by Emmanuel Freeman
Nearly 150 first-time freshmen recently attended orientation to learn more about the ‘Land of Golden Sunshine.’ The May 19 orientation was the first of several sessions Tennessee State University will hold to introduce new, incoming, and transfer students to campus academics and life at the university. Financial aid information, career development opportunities, student activities, disability services, and student conduct were among some of the areas available to provide information to students and their parents.
“Welcome to Tennessee State University. I am glad you have chosen TSU for your college careers,” TSU President Glenda Glover told the gathering in Kean Hall on the main campus. “You join students and alumni who have gone on to be trail blazers. I was here at TSU and sat in these same seats in which you are sitting today. My charge to you is to be diligent, pursue excellence, be your best and do your best. You will enjoy being a student here, you will study, you will learn, you will excel. We will help you to be the best and to be successful.”
Rheagan Reid, from Charlotte, North Carolina, who plans to major in biology, and Elijah Ware, a commercial music major from Nashville, and their parents, were among the first who arrived for the orientation. They were moved by the president’s message.
“She made me feel very comfortable,” said Reid, a graduating senior from Merancas Middle College High School in Huntersville, North Carolina, who said she was drawn to TSU because of its ‘family’ atmosphere. “The first time I visited TSU I immediately fell in love with the school. I love their programs. I am ready to leave home and TSU is where I want to be.”
For Ware, he is coming to TSU on a full ride scholarship and plans to be a part of the university’s Air Force ROTC program. He was enlisted in the program in 2022 and will be going to basic training on May 31.
“I have always heard about this school. I come to homecoming and always enjoy myself and I am looking forward to what I can learn here to prepare me for my future,” said Ware. “Before I got my scholarship to come to TSU, they (Air Force) came to my school and talked to me about the military. So, I enlisted, and I have been going to the training since. I want to know all I can about the military while I am here TSU and see where that takes me.”
Terrance Izzard, associate vice president for Enrollment Management and Student Success, said orientation is intended to give students the opportunity to familiarize themselves with available resources, individuals, departments, programs, and activities that will help them in their college careers. On stage with him were individuals representing Academic Affairs, Student Affairs, First-Year Experience, and Admissions and Recruitment, among others.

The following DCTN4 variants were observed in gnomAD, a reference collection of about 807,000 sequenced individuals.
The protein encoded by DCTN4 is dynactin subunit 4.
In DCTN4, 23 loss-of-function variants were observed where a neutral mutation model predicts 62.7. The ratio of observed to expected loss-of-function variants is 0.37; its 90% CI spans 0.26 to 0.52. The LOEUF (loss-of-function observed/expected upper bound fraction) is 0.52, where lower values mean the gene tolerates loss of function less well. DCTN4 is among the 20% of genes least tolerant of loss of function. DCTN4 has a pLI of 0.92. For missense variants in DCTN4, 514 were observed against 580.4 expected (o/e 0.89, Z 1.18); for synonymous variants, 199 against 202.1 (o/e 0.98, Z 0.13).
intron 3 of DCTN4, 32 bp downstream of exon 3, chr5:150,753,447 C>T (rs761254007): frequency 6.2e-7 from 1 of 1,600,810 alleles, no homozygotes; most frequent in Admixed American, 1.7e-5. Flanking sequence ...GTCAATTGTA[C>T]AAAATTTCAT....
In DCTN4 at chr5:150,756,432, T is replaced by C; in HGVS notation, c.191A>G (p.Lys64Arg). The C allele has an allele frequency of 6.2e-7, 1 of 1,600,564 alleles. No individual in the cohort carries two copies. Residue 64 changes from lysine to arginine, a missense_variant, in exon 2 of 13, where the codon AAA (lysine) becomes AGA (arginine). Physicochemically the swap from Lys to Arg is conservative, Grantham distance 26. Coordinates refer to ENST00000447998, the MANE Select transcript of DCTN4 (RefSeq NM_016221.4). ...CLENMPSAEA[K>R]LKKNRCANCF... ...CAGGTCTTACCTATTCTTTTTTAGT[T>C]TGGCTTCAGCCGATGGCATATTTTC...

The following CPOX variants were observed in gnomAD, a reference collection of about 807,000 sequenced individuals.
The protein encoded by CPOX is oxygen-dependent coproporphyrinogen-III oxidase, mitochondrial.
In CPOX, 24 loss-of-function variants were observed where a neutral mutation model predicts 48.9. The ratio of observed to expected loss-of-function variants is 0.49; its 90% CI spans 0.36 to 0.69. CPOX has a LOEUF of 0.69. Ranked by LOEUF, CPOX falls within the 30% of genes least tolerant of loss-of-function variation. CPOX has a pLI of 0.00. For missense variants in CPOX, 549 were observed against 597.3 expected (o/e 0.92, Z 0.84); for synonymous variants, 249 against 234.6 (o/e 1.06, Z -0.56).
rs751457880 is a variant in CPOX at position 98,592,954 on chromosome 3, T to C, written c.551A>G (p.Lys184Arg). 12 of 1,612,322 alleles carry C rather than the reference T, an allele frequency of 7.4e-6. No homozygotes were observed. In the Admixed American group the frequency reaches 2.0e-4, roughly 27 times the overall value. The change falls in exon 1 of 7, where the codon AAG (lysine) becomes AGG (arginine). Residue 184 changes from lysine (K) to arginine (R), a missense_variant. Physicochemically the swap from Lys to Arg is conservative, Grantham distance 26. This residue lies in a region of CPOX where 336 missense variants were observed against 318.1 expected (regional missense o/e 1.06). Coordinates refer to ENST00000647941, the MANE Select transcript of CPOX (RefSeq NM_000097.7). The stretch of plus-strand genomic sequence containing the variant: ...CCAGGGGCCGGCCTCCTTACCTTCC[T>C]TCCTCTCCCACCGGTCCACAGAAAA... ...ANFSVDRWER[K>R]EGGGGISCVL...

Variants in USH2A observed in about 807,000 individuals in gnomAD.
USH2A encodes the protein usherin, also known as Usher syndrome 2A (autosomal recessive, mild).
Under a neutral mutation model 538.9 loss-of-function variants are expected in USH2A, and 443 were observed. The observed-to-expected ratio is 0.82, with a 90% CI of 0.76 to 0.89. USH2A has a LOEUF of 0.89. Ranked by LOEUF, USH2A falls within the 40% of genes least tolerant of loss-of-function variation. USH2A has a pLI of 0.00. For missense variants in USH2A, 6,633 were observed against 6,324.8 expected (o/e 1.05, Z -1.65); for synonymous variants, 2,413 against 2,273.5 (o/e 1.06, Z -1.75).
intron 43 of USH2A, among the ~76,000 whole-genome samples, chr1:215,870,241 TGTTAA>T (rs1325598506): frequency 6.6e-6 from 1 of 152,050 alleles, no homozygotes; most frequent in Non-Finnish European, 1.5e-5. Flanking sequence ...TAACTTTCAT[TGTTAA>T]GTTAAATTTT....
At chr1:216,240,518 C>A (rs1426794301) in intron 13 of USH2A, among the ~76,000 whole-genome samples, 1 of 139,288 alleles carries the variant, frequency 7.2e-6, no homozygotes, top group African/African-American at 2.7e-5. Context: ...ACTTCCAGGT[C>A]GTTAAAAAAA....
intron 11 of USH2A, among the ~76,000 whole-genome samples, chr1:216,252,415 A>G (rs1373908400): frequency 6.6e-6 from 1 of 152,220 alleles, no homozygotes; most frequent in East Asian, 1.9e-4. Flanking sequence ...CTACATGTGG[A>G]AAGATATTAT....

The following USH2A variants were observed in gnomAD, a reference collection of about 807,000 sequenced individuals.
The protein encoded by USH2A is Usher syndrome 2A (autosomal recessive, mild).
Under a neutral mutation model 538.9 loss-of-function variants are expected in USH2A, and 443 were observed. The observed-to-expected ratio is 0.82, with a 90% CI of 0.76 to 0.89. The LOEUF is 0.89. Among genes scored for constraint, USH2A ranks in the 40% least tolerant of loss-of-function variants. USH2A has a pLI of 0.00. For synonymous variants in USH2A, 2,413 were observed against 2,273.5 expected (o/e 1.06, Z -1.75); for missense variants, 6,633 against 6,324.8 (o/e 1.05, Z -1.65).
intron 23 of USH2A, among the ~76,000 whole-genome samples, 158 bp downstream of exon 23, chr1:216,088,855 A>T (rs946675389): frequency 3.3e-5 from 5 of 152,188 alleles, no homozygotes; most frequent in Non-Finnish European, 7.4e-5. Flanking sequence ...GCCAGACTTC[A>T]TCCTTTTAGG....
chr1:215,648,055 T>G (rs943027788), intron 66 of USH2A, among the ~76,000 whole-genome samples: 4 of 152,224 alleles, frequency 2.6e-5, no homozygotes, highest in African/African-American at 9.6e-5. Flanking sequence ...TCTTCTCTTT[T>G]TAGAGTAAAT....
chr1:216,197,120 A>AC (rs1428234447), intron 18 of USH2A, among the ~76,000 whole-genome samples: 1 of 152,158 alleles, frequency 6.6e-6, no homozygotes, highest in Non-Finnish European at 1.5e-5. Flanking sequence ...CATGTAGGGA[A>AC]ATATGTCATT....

“TSU is a family,” he said. “I want you to be very attentive. While you are here today, the people you see here today are the people who will help you along your journey while you are at TSU. So when it comes to your classrooms, faculty members or anything that deals with your programs of study, even unto graduation, these are the people who will guide you. You will get to build relationship. It’s all about building relationships.”
Following a joint and then separate student and parent assemblies in Kean Hall, the two groups were escorted by student ambassadors on tours across campus, culminating with an ‘AMA (Ask Me Anything) Session’ in various locations, where individuals received one-on-one interactions with academic advisors, deans, program leaders to get answers to questions that they may not have had the time to address in the group sessions.”
Among many key areas of concern at the AMA was academic advising—making sure students make the right decision when it came to course selection. Officials said before Friday’s orientation, a lot of proactive efforts had been made to prepare students to be ready by the start of class. For instance, since early April, the Office of Student Success has been hosting in-person and virtual sessions with parents and students to get them better prepared.
“And so, the nature of our (AMA) meeting today was to give feedback, allow parents and students to ask questions, answer some of those questions that may not be clear from those virtual sessions,” said Isabelle Langham, director of Advisement and Student Transitions. “Today’s efforts were easier because of the proactive efforts we have made. I think that we are definitely headed in the right direction in making sure that they (students) are ready before Day 1.”
Another major attraction at Friday’s AMA session was a display by the university’s award-winning Academic eSports and Smart Technology Center, which set up video games and robotics for gamers and other enthusiasts, in the new Health Sciences Building, to the excitement of visiting students and parents.
“This is super exciting,” said Undradge Jamison, an incoming architectural engineering major, from Stewart Creek High School in Smyrna, Tennessee. “I have not gamed competitively in the past, but I think TSU is giving me the chance to do just that.”
In November, a program developed by the university using 5G technology to recruit and retain underserved students in the STEM field, won first place in the inaugural T-Mobile ‘Unconventional’ Awards for innovation in customer experience, in Nevada, Las Vegas.